Amazon started as company with an online bookstore. Good old fashioned paper editions were offered for sale via the Amazon webportal. Behind the curtains, Amazon organized the logististics such that different publishers could supply the purchased books as fast as possible.
It turned out that booksales fluctuate much over the year in the US and in Europe. The month before Christmas is traditionally very busy. Amazon had to develop their webstore as to acommodate these large fluctuations of customer visits, over time. Over time, Amazon realised that they had developed a highly efficient web-architecture, which could be offered as a general cloud platform to third party customers. So Amazon went on to develop an easy-to-get-started-with cloud platform for commercial purposes. This platform is today known as Amazon Web Services, or AWS.
AWS – Getting Started
First, you need to determine whether AWS is the cloud solution you need. If for example you are a Microsoft enthousiast developing webservices primarily in .NET, the Microsoft cloud Azure will be the preferred option. AWS, on the other hand, is really cool for Java-developers with Linux experience. Although most configuration of AWS takes place via clickable web-forms, you need to master Linux/Unix commands at a certain level to be able to configure an AWS server correctly. I had to upgrade the native Java-installation from 1.7 to version 1.8, for example, in order to be able to run my Java-Spring Webservices.
It should be kept in mind that AWS can also run hosted Windows computers. On the other hand, Azure also allows you to deploy Java applications in a Unix instance, the latter option is described in the web-tutorial run Java under Azure.
AWS Load balancing
Three different elastic load balancing approaches are available within AWS:
- Application Load Balancer. Optimizes for http-requests.
- Network Load Balancer. Specifically for TCP-requests.
- Classic Load Balancer. General load balancing between EC2-AWS instances.
Before disucssing these different approaches, the purpose of load balancing is explained.
Load Balancing automatically distributes incoming application traffic across multiple virtual computers, that is, Amazon EC2 instances. The more requests occur on a website, the higher the traffic load and hence CPU-load as well as used memory. Load balancing was invented to make possible adding computer resources to handle an increasing number of requests.
The Application Load Balancer has by far the most options to offer to the cloud managers:
Another advantage of Load Balanced Services is that application upgrades can be performed while the application server is still available to http-visitors, that is, everyone can still approach one of the web-instances. A minimal configuration is one with a load balancer and two instances. One instance is shut down for upgrade, while the other instance keeps running. After the upgrade, the instance is again put into service, and becomes available to the http-users. Next, the second instance is being shut down for maintenance. The only disadvance for the website visitors is that temporarily slower web-sessions appear, during such upgrade operations.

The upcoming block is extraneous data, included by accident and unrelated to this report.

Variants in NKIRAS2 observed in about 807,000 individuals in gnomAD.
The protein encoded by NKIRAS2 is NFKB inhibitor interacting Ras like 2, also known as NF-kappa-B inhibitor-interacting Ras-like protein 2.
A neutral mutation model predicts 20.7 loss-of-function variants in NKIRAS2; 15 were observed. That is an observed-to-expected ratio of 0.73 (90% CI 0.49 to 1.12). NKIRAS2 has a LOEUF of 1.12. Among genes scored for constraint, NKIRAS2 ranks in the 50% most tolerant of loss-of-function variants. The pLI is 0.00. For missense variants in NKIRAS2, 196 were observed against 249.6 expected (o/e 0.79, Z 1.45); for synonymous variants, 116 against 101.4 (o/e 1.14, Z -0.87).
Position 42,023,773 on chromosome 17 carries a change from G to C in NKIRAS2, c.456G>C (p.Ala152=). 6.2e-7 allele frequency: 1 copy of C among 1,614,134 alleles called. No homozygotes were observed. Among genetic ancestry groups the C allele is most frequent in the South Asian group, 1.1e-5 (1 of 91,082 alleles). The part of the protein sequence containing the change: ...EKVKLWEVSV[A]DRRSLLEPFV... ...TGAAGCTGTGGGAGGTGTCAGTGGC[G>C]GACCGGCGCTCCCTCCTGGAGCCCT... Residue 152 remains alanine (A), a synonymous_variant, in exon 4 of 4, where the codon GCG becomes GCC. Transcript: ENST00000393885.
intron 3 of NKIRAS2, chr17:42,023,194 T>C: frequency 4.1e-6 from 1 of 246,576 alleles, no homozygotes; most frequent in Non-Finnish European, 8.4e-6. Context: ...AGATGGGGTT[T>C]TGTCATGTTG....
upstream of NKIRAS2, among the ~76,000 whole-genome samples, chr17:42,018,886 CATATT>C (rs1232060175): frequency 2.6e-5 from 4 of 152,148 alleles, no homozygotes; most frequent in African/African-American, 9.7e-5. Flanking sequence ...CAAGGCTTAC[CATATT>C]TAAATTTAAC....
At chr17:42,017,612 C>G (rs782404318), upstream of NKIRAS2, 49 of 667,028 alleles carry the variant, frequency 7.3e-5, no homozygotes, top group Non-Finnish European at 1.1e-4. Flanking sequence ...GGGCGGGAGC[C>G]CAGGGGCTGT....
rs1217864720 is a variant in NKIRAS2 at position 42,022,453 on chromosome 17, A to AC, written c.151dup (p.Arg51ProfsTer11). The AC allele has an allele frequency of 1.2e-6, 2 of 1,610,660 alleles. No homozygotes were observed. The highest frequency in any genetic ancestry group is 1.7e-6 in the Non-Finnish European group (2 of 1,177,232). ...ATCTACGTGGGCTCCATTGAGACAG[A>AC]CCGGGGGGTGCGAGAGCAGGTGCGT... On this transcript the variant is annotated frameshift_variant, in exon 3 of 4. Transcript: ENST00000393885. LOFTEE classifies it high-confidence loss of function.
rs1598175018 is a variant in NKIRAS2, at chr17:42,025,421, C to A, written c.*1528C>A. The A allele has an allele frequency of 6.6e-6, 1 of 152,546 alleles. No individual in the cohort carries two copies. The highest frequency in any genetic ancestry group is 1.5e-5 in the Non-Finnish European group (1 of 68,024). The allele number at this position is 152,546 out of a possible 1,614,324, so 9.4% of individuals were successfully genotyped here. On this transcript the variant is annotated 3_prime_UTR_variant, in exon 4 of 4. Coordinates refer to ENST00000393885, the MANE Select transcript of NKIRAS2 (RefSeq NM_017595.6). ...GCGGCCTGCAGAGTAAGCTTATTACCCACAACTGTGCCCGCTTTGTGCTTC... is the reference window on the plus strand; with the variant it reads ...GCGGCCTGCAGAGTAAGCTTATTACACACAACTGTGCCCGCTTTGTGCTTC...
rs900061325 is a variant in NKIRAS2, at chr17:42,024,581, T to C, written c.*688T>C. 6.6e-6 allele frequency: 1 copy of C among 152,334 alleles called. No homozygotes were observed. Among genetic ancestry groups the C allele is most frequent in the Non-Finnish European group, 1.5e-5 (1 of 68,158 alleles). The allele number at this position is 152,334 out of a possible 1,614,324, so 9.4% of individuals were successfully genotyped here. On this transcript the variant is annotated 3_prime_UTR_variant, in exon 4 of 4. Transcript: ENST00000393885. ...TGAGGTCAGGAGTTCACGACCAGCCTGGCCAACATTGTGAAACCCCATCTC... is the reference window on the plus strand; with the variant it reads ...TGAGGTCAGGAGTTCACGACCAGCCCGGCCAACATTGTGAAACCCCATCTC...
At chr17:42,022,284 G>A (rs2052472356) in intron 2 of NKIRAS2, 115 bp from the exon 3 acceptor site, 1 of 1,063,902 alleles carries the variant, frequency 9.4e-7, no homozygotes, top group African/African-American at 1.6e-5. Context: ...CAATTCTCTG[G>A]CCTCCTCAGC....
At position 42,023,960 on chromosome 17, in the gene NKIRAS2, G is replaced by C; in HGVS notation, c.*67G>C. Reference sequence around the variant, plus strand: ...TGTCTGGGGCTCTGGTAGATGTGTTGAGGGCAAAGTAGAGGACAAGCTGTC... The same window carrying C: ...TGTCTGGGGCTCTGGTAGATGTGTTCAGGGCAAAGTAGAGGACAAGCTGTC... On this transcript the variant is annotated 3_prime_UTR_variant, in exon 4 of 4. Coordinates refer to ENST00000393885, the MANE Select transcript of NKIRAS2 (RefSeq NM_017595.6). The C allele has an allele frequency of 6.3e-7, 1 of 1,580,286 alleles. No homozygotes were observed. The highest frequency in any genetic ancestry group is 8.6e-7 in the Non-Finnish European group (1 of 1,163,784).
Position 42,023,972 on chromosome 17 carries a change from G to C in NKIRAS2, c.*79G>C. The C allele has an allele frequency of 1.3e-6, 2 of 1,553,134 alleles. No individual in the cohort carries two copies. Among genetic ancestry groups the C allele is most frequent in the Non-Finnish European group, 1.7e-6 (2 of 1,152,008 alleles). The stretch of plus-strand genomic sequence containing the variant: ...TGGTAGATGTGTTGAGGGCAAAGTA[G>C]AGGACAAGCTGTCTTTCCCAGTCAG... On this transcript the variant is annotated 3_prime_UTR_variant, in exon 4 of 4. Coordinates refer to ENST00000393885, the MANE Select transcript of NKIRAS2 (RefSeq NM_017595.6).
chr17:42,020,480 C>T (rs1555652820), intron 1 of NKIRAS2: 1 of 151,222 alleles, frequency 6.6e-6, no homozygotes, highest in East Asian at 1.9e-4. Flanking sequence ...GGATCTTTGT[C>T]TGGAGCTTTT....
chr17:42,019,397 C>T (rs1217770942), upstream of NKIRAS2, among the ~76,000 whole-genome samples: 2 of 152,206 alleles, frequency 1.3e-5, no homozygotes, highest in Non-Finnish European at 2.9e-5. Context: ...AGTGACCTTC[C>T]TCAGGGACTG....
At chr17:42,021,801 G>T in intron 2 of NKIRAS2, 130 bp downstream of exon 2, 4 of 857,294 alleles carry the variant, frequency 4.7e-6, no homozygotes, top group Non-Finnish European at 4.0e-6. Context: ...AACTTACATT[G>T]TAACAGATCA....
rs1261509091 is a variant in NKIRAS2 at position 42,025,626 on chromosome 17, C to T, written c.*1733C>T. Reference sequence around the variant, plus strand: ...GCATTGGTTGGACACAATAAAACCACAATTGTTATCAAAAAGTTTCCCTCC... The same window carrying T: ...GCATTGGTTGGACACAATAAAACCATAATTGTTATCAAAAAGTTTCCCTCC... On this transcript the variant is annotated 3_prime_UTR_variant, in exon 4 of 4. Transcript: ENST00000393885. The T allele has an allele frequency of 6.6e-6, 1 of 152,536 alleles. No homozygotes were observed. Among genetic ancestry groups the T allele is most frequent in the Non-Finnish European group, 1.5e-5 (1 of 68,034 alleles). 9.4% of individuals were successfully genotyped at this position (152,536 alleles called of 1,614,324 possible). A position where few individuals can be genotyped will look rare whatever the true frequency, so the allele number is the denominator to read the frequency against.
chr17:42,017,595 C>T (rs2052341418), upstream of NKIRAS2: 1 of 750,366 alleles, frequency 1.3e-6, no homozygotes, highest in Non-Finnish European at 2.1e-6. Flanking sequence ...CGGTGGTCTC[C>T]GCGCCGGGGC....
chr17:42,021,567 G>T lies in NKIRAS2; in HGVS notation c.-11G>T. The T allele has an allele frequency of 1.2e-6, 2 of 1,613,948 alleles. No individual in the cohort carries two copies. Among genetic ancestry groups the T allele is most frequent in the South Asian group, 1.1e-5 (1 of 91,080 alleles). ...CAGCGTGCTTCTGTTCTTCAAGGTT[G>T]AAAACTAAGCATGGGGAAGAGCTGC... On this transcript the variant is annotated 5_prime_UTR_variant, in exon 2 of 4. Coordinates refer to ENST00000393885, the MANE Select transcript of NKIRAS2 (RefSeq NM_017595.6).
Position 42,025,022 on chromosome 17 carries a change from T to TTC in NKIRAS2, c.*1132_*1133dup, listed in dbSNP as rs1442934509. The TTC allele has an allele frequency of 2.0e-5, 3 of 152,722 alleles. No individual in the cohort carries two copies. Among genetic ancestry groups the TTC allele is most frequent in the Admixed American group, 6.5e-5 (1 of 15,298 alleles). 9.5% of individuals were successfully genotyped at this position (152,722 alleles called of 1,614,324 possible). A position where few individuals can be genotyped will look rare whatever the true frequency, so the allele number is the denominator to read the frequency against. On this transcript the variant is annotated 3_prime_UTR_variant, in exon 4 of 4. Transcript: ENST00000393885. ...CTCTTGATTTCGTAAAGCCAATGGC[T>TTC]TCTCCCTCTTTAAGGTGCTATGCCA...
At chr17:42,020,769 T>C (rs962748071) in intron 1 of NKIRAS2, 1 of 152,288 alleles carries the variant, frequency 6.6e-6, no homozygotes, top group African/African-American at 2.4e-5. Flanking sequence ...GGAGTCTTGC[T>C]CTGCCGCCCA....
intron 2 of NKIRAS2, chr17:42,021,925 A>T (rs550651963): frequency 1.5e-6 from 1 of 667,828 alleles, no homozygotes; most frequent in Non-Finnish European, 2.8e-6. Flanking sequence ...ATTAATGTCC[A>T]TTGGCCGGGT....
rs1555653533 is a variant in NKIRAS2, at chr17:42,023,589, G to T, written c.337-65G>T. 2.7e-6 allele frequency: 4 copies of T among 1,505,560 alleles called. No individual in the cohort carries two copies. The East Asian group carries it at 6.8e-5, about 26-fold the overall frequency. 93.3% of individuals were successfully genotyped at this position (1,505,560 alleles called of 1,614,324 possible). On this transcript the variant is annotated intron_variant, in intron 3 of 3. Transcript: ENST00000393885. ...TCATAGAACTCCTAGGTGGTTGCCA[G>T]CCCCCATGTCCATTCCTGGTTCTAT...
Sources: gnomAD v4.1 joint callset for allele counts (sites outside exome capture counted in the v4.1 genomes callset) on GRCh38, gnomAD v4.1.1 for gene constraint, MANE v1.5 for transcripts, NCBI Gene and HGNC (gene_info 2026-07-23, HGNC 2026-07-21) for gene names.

What’s on the AWS EC2 instance ?
When newly built, the AWS EC2 instance is a bare Linux computer. Depending on the requested configuration (# CPUs, etc.), more computing power is available at your disposal. So you login and get a unix-prompt. I continue with an Ubuntu installation.
You need to know the installation commands from Ubuntu:
sudo apt-get install <your application to install>
Where are applications located, initially, on your EC2 Lnix machine? Tomcat7 is located in:
So on my EC2-instance, both Tomcat and Postgres are unix-services. To start my local postgres, you do:
sudo service postgresql start
When working with more than one EC2-instance behind an AWS load-balancer, you will typically locate your relational database on a different EC2-node.
The different EC2-instances running your applications can connect to the data-service instance which hosts the relational database.
AWS basic node setup
The picture below illustrates two basic design configurations within the AWS-cloud.
The left setup is the most simple one you can configure in AWS. It consists of one single virtual computer (one EC2-node), and the cloud engineer solely has to select the number of CPUs, the amount of memory, and the other standard AWS-configuration options such as the security groups.
The right setup consists of a load-balancer, two EC2-nodes, and a separate database instance (a separate virtual machine). The two EC2-instances A and B share the relational database.
A newer feature of AWS is the provision of Lambda’s, server-less computing services that run an application or just a script of your choice. So the server administration is organized for you, within the Lambda framework. Another major difference with EC2-instances is that the customer pays per execution time unit, rather than per node. So if you have much downtime, or your services is not used a lot, it can be cost-effective to run Lambda-services.
AWS Machine learning
AWS contains a whole suite for performing machine learning – Amazon EMR. It enables you to assemble your data, perform data preprocessing, and learn machine learning models. Amazon Machine learning also contains Deep Learning. This more recent neural network technology has applications within image processing where a spatially hierarchical structuring of the successive layers merge, and reduce the raw image data into recognitions.